Scarlet Letter Forest Symbolism Essay, Research Paper
Jacquie Kaloz10/13/00Symbolism of the Forest Nathaniel Hawthorne’s novel, The Scarlet Letter, is filled with a variety of symbols. The forest is a place where the characters can be free and careless, but is also known as a evil place where the Black Man lives. One of the symbols he uses is the forest, which is symbolic in a number of ways. The forest is where Hester and Dimmesdale become intimate with one another. It represents a place where the main characters relax and take the daily pressures of Puritan life off their backs. The forest is where Hester removes her cap, lets her hair down, and takes off the scarlet letter. Pearl can run freely in the forest, she also decorates herself with flowers. In the forest the characters are isolated from the society. The forest is where the characters are able to express their true feelings. Dimmesdale admits to Hester that he is filled with despair since he hasn’t revealed his sins of adultery and hypocrisy to his congregation. Hester admits to Dimmesdale that Chillingworth is her husband while they are in the forest. “That old man! -the physician! -he whom they call roger Chillingworth!-he was my husband!”(184) Hester talks Dimmesdale into running away, while they are in the forest too. She then says, “Thou shall not go alone!”(189), and they decide to go together. The only main character that doesn’t reveal his true felling in the forest is Chillingworth.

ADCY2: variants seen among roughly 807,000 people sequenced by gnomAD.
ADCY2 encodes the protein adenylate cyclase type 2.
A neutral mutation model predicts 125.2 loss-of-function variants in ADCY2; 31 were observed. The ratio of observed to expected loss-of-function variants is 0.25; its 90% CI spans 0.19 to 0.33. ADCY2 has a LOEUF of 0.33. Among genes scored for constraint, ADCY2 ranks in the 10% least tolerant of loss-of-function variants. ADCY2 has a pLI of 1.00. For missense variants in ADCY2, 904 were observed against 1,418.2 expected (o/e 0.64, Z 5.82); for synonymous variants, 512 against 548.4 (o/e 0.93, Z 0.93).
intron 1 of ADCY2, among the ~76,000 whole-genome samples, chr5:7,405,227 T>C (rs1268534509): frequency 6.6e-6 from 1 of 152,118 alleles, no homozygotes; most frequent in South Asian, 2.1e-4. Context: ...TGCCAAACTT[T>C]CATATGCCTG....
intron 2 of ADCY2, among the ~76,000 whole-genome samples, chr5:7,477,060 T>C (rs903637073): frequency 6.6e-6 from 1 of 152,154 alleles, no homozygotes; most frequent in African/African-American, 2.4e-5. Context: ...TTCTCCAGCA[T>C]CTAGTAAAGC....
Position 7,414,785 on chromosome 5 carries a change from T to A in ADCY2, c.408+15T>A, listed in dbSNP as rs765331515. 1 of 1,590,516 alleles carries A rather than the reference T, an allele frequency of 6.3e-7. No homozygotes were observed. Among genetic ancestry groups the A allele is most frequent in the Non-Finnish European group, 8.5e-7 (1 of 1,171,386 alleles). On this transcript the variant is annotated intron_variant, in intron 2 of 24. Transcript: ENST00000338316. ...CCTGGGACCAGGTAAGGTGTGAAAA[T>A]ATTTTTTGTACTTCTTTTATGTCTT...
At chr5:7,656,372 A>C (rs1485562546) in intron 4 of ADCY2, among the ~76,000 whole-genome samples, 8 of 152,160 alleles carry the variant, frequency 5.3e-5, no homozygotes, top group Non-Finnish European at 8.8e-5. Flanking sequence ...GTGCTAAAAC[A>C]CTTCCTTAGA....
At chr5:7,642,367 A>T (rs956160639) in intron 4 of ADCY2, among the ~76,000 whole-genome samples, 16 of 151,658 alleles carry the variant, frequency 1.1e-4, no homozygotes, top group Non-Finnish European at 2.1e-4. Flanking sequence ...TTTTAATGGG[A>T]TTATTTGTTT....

The Black man is also known to be in the forest. “How he haunts this forest, and carries a book with him-a big, heavy book, with iron clasps; and how this ugly Black Man offers his book and an iron pen to everybody who meets him here among the trees; and they are to write their names with their own blood (177). This shows how the forest is sometimes represented as evil. The forest is symbolic in many ways, and can represent different things. It is just one of many symbols Hawthorne uses in this novel.